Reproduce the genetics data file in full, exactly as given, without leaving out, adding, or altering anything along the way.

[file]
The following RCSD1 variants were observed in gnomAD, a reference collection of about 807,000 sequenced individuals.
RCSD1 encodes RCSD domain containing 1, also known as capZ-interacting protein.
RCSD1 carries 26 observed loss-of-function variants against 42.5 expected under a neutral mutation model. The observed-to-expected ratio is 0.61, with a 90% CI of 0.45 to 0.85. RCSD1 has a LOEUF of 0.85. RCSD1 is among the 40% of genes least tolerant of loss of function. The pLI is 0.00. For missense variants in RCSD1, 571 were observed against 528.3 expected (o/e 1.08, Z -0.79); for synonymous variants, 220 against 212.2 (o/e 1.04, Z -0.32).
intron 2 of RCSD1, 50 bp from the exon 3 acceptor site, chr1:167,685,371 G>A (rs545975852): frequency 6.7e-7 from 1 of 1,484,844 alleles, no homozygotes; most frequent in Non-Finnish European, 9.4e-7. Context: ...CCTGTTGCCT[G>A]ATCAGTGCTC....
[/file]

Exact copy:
The following RCSD1 variants were observed in gnomAD, a reference collection of about 807,000 sequenced individuals.
RCSD1 encodes RCSD domain containing 1, also known as capZ-interacting protein.
RCSD1 carries 26 observed loss-of-function variants against 42.5 expected under a neutral mutation model. The observed-to-expected ratio is 0.61, with a 90% CI of 0.45 to 0.85. RCSD1 has a LOEUF of 0.85. RCSD1 is among the 40% of genes least tolerant of loss of function. The pLI is 0.00. For missense variants in RCSD1, 571 were observed against 528.3 expected (o/e 1.08, Z -0.79); for synonymous variants, 220 against 212.2 (o/e 1.04, Z -0.32).
intron 2 of RCSD1, 50 bp from the exon 3 acceptor site, chr1:167,685,371 G>A (rs545975852): frequency 6.7e-7 from 1 of 1,484,844 alleles, no homozygotes; most frequent in Non-Finnish European, 9.4e-7. Context: ...CCTGTTGCCT[G>A]ATCAGTGCTC....